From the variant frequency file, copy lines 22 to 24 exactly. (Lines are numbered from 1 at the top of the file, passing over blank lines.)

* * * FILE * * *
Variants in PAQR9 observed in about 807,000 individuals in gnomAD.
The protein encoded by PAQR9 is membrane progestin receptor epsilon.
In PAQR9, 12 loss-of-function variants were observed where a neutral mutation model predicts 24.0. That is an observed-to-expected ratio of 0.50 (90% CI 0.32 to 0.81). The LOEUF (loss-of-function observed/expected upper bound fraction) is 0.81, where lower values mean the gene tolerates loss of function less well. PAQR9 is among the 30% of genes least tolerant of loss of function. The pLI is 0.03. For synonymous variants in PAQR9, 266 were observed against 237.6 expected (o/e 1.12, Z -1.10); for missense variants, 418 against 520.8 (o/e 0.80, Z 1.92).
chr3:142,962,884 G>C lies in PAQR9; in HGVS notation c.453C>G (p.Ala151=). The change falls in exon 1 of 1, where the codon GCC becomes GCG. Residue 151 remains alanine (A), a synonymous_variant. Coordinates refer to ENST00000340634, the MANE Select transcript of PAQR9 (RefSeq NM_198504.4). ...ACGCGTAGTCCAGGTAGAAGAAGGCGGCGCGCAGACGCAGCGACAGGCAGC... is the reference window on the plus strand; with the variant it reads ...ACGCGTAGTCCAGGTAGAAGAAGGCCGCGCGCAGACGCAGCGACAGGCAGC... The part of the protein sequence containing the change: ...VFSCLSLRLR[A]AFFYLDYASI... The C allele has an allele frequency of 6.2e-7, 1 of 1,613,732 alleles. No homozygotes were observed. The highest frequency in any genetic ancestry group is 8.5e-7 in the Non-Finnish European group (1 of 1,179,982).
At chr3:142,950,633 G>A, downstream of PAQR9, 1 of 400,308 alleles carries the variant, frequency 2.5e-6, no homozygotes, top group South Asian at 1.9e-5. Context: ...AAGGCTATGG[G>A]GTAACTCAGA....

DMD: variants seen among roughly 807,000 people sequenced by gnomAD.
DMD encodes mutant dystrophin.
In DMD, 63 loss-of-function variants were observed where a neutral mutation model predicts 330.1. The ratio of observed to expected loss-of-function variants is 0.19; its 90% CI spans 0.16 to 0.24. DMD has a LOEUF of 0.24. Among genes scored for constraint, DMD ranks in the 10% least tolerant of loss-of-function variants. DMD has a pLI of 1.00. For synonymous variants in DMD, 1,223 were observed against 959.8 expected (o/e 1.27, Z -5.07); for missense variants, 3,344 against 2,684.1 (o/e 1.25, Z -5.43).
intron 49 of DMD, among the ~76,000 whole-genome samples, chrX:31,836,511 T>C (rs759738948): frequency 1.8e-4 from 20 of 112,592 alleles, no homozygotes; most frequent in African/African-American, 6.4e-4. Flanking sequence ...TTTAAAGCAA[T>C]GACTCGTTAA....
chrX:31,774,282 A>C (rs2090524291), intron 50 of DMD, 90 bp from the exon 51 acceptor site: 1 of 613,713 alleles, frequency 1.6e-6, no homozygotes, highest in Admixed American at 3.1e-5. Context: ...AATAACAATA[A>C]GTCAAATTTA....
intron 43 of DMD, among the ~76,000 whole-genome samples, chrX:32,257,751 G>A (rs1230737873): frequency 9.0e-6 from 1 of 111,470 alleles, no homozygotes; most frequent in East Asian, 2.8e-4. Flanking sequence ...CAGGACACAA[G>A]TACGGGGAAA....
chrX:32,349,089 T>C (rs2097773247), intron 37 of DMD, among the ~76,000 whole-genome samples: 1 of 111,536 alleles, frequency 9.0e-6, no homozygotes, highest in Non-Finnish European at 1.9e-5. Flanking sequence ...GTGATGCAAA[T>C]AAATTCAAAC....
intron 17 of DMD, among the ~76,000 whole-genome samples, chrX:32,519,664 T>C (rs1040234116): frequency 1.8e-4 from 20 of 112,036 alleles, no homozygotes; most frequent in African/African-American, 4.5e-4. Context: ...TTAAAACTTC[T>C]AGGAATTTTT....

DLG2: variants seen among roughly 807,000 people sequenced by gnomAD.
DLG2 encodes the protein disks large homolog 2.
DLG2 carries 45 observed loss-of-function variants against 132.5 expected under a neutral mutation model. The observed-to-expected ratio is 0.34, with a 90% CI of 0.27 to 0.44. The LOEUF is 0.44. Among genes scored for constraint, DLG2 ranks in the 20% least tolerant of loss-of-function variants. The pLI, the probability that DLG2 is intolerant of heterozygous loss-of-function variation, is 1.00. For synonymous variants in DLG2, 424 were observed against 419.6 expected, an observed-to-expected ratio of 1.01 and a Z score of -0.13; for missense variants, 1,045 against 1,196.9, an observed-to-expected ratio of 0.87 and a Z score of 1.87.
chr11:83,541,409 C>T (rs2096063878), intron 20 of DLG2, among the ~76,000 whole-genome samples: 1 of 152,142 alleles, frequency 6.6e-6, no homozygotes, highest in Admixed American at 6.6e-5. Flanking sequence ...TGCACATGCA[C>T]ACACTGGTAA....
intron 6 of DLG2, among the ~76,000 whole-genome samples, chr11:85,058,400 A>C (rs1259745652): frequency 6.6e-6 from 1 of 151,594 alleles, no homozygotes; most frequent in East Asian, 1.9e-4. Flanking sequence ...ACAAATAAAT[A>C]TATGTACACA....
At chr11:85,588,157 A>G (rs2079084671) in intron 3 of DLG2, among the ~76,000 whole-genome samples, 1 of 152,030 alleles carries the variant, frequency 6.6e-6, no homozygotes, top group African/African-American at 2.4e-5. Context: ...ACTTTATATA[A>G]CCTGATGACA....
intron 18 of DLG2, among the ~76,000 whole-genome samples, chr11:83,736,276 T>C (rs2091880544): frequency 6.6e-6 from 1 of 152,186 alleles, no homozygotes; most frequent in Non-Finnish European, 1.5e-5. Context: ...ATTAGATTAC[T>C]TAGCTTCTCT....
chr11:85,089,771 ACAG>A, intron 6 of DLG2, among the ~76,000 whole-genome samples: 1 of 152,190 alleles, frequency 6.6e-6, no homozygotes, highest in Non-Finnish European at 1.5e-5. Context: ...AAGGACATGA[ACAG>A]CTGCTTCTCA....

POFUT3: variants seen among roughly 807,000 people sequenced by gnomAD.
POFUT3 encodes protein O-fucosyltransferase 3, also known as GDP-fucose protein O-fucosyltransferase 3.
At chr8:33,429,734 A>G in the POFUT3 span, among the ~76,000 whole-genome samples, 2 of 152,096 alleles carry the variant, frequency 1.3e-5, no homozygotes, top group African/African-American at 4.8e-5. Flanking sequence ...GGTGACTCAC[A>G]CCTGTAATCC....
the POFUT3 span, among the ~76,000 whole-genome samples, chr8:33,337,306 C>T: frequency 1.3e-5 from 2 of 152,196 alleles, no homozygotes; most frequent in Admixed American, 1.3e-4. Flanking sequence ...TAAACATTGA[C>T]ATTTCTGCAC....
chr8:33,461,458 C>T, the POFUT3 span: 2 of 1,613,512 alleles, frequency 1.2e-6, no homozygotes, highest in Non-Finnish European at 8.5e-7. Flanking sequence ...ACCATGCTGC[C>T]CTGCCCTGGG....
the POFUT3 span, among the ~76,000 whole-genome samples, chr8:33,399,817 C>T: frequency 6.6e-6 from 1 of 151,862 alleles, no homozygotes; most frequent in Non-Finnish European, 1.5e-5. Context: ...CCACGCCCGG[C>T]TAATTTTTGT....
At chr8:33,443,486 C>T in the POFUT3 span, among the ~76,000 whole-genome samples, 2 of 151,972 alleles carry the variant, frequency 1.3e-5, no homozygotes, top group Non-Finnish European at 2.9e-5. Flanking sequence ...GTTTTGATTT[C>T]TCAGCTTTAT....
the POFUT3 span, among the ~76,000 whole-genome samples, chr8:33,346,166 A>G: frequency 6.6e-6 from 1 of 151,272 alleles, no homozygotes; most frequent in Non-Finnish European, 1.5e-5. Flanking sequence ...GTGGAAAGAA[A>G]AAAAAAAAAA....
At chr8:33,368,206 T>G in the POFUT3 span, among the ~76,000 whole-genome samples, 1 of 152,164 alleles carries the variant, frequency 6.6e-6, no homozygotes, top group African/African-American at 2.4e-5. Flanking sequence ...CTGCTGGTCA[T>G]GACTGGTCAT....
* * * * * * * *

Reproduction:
POFUT3: variants seen among roughly 807,000 people sequenced by gnomAD.
POFUT3 encodes protein O-fucosyltransferase 3, also known as GDP-fucose protein O-fucosyltransferase 3.
At chr8:33,429,734 A>G in the POFUT3 span, among the ~76,000 whole-genome samples, 2 of 152,096 alleles carry the variant, frequency 1.3e-5, no homozygotes, top group African/African-American at 4.8e-5. Flanking sequence ...GGTGACTCAC[A>G]CCTGTAATCC....